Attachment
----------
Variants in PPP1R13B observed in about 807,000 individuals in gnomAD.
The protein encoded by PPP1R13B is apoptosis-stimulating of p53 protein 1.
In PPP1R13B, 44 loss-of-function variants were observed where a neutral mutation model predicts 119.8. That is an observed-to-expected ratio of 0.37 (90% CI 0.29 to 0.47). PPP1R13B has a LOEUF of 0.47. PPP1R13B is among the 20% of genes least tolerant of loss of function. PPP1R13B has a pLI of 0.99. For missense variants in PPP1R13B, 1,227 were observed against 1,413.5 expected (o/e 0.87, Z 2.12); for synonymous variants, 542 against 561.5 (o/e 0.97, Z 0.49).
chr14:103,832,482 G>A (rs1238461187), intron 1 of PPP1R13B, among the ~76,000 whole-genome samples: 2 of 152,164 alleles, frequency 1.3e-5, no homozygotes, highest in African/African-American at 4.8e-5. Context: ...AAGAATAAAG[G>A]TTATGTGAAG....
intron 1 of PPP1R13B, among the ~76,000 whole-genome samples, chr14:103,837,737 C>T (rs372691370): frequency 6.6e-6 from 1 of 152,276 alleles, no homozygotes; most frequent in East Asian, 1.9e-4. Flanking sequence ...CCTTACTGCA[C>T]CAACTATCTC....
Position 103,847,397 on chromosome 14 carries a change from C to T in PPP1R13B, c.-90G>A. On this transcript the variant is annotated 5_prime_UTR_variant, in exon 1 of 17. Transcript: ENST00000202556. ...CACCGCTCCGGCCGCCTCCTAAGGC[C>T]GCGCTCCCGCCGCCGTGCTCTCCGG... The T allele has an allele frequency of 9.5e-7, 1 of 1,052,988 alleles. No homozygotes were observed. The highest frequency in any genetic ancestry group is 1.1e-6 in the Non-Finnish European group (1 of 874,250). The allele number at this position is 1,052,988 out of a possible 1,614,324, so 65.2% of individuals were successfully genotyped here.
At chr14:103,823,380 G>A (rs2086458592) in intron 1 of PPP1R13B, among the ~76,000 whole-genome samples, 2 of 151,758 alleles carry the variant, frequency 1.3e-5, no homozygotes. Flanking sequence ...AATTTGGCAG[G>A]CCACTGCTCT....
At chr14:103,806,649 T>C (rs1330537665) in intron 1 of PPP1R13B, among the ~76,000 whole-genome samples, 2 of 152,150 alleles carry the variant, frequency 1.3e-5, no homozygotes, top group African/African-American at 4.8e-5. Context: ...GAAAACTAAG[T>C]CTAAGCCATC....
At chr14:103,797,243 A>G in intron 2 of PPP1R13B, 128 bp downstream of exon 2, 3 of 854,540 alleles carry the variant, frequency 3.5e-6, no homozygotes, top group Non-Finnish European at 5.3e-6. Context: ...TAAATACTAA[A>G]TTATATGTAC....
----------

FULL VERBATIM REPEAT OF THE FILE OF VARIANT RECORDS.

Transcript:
Variants in PPP1R13B observed in about 807,000 individuals in gnomAD.
The protein encoded by PPP1R13B is apoptosis-stimulating of p53 protein 1.
In PPP1R13B, 44 loss-of-function variants were observed where a neutral mutation model predicts 119.8. That is an observed-to-expected ratio of 0.37 (90% CI 0.29 to 0.47). PPP1R13B has a LOEUF of 0.47. PPP1R13B is among the 20% of genes least tolerant of loss of function. PPP1R13B has a pLI of 0.99. For missense variants in PPP1R13B, 1,227 were observed against 1,413.5 expected (o/e 0.87, Z 2.12); for synonymous variants, 542 against 561.5 (o/e 0.97, Z 0.49).
chr14:103,832,482 G>A (rs1238461187), intron 1 of PPP1R13B, among the ~76,000 whole-genome samples: 2 of 152,164 alleles, frequency 1.3e-5, no homozygotes, highest in African/African-American at 4.8e-5. Context: ...AAGAATAAAG[G>A]TTATGTGAAG....
intron 1 of PPP1R13B, among the ~76,000 whole-genome samples, chr14:103,837,737 C>T (rs372691370): frequency 6.6e-6 from 1 of 152,276 alleles, no homozygotes; most frequent in East Asian, 1.9e-4. Flanking sequence ...CCTTACTGCA[C>T]CAACTATCTC....
Position 103,847,397 on chromosome 14 carries a change from C to T in PPP1R13B, c.-90G>A. On this transcript the variant is annotated 5_prime_UTR_variant, in exon 1 of 17. Transcript: ENST00000202556. ...CACCGCTCCGGCCGCCTCCTAAGGC[C>T]GCGCTCCCGCCGCCGTGCTCTCCGG... The T allele has an allele frequency of 9.5e-7, 1 of 1,052,988 alleles. No homozygotes were observed. The highest frequency in any genetic ancestry group is 1.1e-6 in the Non-Finnish European group (1 of 874,250). The allele number at this position is 1,052,988 out of a possible 1,614,324, so 65.2% of individuals were successfully genotyped here.
At chr14:103,823,380 G>A (rs2086458592) in intron 1 of PPP1R13B, among the ~76,000 whole-genome samples, 2 of 151,758 alleles carry the variant, frequency 1.3e-5, no homozygotes. Flanking sequence ...AATTTGGCAG[G>A]CCACTGCTCT....
At chr14:103,806,649 T>C (rs1330537665) in intron 1 of PPP1R13B, among the ~76,000 whole-genome samples, 2 of 152,150 alleles carry the variant, frequency 1.3e-5, no homozygotes, top group African/African-American at 4.8e-5. Context: ...GAAAACTAAG[T>C]CTAAGCCATC....
At chr14:103,797,243 A>G in intron 2 of PPP1R13B, 128 bp downstream of exon 2, 3 of 854,540 alleles carry the variant, frequency 3.5e-6, no homozygotes, top group Non-Finnish European at 5.3e-6. Context: ...TAAATACTAA[A>G]TTATATGTAC....